California greenlights 6 cities to test speed cameras in bid to reduce fatal crashes

California Gov. Gavin Newsom signed legislation on Oct. 13 to allow six cities in the state to deploy automated speed safety cameras as a pilot program.

The law, known as AB 645, designates the cities of Los Angeles, San Jose, Oakland, Glendale and Long Beach along with the city and county of San Francisco to establish and operate a speed enforcement program under specific conditions set forth in the legislation until Jan. 1, 2032.

Over 1,500 people died in speeding-related California traffic accidents in 2021, according to National Highway Traffic Safety Administration data.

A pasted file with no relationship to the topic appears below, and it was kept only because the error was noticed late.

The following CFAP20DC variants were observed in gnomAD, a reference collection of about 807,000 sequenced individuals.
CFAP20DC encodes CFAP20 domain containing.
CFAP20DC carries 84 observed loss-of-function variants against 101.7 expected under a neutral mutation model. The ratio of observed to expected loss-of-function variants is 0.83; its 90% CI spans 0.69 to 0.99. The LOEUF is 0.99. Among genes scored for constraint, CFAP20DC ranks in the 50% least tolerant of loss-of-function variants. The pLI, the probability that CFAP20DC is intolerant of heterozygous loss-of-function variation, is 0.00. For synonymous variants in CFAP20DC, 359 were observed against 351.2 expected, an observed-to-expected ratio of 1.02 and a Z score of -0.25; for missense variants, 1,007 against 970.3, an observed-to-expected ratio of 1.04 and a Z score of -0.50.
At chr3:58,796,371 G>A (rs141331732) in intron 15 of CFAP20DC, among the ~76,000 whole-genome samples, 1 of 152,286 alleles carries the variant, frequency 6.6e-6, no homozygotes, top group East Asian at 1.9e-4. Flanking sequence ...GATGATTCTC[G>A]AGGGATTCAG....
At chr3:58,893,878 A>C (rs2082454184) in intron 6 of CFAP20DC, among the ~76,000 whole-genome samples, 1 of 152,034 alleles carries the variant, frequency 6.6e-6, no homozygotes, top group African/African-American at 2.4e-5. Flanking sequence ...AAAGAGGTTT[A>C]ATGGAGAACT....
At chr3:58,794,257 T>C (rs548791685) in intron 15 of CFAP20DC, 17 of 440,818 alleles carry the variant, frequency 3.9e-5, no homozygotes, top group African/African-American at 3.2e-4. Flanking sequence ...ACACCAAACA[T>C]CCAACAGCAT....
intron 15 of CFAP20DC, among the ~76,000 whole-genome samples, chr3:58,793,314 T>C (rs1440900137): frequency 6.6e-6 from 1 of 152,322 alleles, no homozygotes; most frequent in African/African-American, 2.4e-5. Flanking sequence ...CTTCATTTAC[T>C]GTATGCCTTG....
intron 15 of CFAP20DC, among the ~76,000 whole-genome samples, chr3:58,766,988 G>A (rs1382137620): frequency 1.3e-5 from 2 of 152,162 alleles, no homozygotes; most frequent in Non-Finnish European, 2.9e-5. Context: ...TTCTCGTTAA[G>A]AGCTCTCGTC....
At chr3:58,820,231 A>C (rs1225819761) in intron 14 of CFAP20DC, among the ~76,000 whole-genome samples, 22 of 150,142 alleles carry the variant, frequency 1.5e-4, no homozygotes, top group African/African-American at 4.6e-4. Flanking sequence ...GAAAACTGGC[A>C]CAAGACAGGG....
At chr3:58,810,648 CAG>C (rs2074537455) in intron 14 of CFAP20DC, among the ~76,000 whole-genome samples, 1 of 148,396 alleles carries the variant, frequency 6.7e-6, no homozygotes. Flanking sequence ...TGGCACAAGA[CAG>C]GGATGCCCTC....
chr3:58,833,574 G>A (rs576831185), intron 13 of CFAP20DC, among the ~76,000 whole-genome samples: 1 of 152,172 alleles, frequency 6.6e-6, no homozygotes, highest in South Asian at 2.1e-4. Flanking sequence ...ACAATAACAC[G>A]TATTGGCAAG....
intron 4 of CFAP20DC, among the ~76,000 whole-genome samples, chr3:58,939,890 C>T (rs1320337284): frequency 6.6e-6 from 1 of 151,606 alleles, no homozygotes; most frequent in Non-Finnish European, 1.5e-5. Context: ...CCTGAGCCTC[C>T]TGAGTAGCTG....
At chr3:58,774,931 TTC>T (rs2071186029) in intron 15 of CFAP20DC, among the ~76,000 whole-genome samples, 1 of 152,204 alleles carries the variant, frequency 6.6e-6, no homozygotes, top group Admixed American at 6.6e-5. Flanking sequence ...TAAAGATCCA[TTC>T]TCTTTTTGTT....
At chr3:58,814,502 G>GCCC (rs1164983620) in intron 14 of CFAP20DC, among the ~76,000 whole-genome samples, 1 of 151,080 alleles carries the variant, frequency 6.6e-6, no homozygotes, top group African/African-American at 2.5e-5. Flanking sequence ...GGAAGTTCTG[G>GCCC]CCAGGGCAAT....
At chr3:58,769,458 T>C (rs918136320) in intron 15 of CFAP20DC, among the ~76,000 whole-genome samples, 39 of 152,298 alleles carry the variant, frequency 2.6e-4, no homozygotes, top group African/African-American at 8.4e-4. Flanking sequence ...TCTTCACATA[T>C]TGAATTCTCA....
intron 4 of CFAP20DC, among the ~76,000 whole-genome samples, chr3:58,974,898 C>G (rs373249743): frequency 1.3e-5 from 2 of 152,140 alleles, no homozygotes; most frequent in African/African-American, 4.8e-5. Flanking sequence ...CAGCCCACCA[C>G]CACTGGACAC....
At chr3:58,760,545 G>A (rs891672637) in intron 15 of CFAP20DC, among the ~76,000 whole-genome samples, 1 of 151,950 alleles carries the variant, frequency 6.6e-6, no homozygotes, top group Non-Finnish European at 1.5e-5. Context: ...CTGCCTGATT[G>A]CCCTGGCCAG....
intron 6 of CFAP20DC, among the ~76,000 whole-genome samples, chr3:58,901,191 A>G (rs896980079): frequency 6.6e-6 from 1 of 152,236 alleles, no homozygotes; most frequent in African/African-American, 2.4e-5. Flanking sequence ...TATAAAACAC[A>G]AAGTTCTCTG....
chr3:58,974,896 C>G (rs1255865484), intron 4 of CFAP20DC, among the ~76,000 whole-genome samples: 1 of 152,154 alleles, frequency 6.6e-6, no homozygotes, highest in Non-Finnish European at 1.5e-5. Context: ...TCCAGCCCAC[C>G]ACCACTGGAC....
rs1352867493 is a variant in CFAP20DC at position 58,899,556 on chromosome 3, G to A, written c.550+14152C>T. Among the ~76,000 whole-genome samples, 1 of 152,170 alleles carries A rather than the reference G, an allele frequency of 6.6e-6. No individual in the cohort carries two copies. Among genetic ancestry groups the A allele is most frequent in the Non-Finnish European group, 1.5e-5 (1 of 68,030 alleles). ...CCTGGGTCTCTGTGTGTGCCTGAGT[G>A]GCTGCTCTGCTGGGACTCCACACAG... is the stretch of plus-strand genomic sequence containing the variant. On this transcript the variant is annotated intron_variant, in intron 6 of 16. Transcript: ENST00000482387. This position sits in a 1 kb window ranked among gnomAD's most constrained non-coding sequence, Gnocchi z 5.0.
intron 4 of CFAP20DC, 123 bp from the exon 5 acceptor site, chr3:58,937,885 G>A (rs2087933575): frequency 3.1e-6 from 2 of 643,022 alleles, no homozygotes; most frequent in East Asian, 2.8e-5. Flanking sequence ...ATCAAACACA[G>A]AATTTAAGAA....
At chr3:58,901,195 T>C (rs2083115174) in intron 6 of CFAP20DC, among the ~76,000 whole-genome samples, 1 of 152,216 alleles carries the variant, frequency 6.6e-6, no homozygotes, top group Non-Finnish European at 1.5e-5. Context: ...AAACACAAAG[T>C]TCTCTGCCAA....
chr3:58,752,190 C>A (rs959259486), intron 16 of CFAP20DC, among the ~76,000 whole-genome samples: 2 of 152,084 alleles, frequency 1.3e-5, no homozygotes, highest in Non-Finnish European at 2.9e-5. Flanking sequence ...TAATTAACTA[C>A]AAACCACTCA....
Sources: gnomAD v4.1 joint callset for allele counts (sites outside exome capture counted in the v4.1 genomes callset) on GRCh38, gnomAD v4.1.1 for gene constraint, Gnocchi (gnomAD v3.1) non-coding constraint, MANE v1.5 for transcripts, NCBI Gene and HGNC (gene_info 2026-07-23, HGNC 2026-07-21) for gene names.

The method has been effective in other cities. New York City has more than 2,000 speed enforcement cameras in school zones. Between 2019 and 2021, speeding declined 73% on average where fixed cameras were installed, and the city’s transportation department found areas that got cameras in 2019 saw a greater decrease in deaths and serious injuries the following year, compared with similar roads outside school zones.

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